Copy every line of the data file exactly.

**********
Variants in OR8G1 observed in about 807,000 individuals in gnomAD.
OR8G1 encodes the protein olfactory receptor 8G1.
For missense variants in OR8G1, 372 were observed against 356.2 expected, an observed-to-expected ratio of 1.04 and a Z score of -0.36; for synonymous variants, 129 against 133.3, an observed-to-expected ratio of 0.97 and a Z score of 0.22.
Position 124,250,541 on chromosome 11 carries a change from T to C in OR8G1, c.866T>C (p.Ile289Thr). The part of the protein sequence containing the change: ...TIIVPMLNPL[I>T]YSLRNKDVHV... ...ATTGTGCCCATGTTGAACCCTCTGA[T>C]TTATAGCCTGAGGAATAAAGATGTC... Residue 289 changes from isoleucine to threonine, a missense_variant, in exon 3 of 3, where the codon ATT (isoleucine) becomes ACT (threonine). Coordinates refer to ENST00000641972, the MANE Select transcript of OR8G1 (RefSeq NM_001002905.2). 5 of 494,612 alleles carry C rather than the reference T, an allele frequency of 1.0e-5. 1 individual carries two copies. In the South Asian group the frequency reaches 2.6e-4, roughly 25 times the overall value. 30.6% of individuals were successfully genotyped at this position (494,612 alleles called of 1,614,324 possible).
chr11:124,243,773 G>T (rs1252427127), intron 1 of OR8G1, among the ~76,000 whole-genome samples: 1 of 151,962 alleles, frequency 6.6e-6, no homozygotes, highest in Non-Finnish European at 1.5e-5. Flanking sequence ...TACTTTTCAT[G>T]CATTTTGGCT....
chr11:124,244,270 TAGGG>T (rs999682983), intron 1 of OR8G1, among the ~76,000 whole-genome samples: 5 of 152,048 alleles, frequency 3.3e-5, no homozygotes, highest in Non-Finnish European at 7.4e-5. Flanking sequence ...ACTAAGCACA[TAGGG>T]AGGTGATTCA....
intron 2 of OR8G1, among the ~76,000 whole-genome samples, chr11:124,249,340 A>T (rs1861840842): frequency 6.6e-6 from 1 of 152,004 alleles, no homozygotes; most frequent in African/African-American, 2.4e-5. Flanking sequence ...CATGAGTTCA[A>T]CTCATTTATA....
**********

Variants in OR8G1 observed in about 807,000 individuals in gnomAD.
OR8G1 encodes the protein olfactory receptor 8G1.
For missense variants in OR8G1, 372 were observed against 356.2 expected, an observed-to-expected ratio of 1.04 and a Z score of -0.36; for synonymous variants, 129 against 133.3, an observed-to-expected ratio of 0.97 and a Z score of 0.22.
Position 124,250,541 on chromosome 11 carries a change from T to C in OR8G1, c.866T>C (p.Ile289Thr). The part of the protein sequence containing the change: ...TIIVPMLNPL[I>T]YSLRNKDVHV... ...ATTGTGCCCATGTTGAACCCTCTGA[T>C]TTATAGCCTGAGGAATAAAGATGTC... Residue 289 changes from isoleucine to threonine, a missense_variant, in exon 3 of 3, where the codon ATT (isoleucine) becomes ACT (threonine). Coordinates refer to ENST00000641972, the MANE Select transcript of OR8G1 (RefSeq NM_001002905.2). 5 of 494,612 alleles carry C rather than the reference T, an allele frequency of 1.0e-5. 1 individual carries two copies. In the South Asian group the frequency reaches 2.6e-4, roughly 25 times the overall value. 30.6% of individuals were successfully genotyped at this position (494,612 alleles called of 1,614,324 possible).
chr11:124,243,773 G>T (rs1252427127), intron 1 of OR8G1, among the ~76,000 whole-genome samples: 1 of 151,962 alleles, frequency 6.6e-6, no homozygotes, highest in Non-Finnish European at 1.5e-5. Flanking sequence ...TACTTTTCAT[G>T]CATTTTGGCT....
chr11:124,244,270 TAGGG>T (rs999682983), intron 1 of OR8G1, among the ~76,000 whole-genome samples: 5 of 152,048 alleles, frequency 3.3e-5, no homozygotes, highest in Non-Finnish European at 7.4e-5. Flanking sequence ...ACTAAGCACA[TAGGG>T]AGGTGATTCA....
intron 2 of OR8G1, among the ~76,000 whole-genome samples, chr11:124,249,340 A>T (rs1861840842): frequency 6.6e-6 from 1 of 152,004 alleles, no homozygotes; most frequent in African/African-American, 2.4e-5. Flanking sequence ...CATGAGTTCA[A>T]CTCATTTATA....